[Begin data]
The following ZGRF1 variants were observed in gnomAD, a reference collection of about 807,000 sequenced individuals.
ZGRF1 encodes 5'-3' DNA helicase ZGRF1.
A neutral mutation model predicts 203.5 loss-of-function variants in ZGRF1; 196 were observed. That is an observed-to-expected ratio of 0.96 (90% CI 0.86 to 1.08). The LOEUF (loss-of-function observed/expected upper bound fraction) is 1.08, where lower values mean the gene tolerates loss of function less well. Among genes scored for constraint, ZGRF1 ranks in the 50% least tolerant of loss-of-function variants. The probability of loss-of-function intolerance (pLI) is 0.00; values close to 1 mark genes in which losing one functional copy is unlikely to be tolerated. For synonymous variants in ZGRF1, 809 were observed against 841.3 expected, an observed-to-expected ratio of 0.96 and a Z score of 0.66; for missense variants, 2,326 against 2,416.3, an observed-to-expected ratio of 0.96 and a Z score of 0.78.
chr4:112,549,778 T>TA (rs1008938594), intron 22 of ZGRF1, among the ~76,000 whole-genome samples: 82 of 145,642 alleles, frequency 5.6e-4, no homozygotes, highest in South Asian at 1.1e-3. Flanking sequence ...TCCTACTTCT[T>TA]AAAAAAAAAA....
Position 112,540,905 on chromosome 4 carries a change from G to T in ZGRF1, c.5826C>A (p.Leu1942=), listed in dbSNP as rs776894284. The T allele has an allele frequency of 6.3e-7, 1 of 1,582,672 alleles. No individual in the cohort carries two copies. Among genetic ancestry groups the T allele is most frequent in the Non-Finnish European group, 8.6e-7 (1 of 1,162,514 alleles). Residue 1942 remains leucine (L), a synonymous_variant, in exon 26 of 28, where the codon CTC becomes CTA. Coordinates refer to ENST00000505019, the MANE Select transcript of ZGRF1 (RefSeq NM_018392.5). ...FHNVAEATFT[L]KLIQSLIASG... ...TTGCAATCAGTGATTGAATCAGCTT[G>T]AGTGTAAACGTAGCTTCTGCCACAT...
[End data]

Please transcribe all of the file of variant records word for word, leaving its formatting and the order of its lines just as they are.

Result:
The following ZGRF1 variants were observed in gnomAD, a reference collection of about 807,000 sequenced individuals.
ZGRF1 encodes 5'-3' DNA helicase ZGRF1.
A neutral mutation model predicts 203.5 loss-of-function variants in ZGRF1; 196 were observed. That is an observed-to-expected ratio of 0.96 (90% CI 0.86 to 1.08). The LOEUF (loss-of-function observed/expected upper bound fraction) is 1.08, where lower values mean the gene tolerates loss of function less well. Among genes scored for constraint, ZGRF1 ranks in the 50% least tolerant of loss-of-function variants. The probability of loss-of-function intolerance (pLI) is 0.00; values close to 1 mark genes in which losing one functional copy is unlikely to be tolerated. For synonymous variants in ZGRF1, 809 were observed against 841.3 expected, an observed-to-expected ratio of 0.96 and a Z score of 0.66; for missense variants, 2,326 against 2,416.3, an observed-to-expected ratio of 0.96 and a Z score of 0.78.
chr4:112,549,778 T>TA (rs1008938594), intron 22 of ZGRF1, among the ~76,000 whole-genome samples: 82 of 145,642 alleles, frequency 5.6e-4, no homozygotes, highest in South Asian at 1.1e-3. Flanking sequence ...TCCTACTTCT[T>TA]AAAAAAAAAA....
Position 112,540,905 on chromosome 4 carries a change from G to T in ZGRF1, c.5826C>A (p.Leu1942=), listed in dbSNP as rs776894284. The T allele has an allele frequency of 6.3e-7, 1 of 1,582,672 alleles. No individual in the cohort carries two copies. Among genetic ancestry groups the T allele is most frequent in the Non-Finnish European group, 8.6e-7 (1 of 1,162,514 alleles). Residue 1942 remains leucine (L), a synonymous_variant, in exon 26 of 28, where the codon CTC becomes CTA. Coordinates refer to ENST00000505019, the MANE Select transcript of ZGRF1 (RefSeq NM_018392.5). ...FHNVAEATFT[L]KLIQSLIASG... ...TTGCAATCAGTGATTGAATCAGCTT[G>T]AGTGTAAACGTAGCTTCTGCCACAT...